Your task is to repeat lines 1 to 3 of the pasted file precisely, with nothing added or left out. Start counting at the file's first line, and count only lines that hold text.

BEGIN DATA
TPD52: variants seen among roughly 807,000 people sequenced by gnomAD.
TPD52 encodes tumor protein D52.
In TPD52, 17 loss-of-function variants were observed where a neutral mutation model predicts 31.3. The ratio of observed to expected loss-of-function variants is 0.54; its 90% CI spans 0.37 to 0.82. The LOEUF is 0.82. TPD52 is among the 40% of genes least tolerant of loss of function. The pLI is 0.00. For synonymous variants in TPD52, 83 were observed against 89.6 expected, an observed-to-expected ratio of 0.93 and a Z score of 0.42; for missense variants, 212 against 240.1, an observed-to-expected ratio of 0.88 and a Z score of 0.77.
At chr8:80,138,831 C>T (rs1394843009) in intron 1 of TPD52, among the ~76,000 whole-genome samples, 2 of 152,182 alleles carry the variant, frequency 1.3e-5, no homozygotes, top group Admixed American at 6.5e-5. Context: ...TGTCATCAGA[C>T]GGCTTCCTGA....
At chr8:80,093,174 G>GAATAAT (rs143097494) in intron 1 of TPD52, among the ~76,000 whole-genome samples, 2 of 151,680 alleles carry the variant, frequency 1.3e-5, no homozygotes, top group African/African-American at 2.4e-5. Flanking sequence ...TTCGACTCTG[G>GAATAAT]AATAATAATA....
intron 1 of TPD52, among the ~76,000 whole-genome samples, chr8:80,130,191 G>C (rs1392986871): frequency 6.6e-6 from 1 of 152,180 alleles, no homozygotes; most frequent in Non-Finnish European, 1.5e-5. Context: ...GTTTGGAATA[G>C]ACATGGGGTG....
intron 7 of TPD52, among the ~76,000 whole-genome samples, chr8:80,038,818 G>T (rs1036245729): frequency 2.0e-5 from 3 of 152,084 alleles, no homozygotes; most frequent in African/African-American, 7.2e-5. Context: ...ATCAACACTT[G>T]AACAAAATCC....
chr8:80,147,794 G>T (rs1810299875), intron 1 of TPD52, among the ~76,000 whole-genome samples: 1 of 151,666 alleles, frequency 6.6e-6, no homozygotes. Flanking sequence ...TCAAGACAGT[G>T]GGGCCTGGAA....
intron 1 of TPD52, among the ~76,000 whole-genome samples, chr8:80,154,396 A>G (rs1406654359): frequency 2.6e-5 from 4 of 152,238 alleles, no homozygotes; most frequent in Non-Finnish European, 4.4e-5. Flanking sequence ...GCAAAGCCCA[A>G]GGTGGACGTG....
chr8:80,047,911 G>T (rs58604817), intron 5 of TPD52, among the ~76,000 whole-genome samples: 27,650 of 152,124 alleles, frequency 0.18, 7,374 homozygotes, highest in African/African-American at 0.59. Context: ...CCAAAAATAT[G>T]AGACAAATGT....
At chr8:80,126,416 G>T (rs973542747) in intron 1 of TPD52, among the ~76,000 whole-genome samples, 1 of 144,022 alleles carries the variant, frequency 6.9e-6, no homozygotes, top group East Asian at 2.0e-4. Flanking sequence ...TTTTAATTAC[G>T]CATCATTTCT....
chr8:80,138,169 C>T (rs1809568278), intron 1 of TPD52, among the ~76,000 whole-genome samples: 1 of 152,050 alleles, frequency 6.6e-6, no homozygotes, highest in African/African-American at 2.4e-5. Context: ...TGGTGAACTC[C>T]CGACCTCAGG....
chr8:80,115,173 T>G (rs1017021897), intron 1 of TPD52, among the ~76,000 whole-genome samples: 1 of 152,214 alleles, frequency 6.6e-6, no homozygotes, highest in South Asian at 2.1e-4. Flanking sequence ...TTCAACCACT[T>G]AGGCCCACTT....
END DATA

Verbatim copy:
TPD52: variants seen among roughly 807,000 people sequenced by gnomAD.
TPD52 encodes tumor protein D52.
In TPD52, 17 loss-of-function variants were observed where a neutral mutation model predicts 31.3. The ratio of observed to expected loss-of-function variants is 0.54; its 90% CI spans 0.37 to 0.82. The LOEUF is 0.82. TPD52 is among the 40% of genes least tolerant of loss of function. The pLI is 0.00. For synonymous variants in TPD52, 83 were observed against 89.6 expected, an observed-to-expected ratio of 0.93 and a Z score of 0.42; for missense variants, 212 against 240.1, an observed-to-expected ratio of 0.88 and a Z score of 0.77.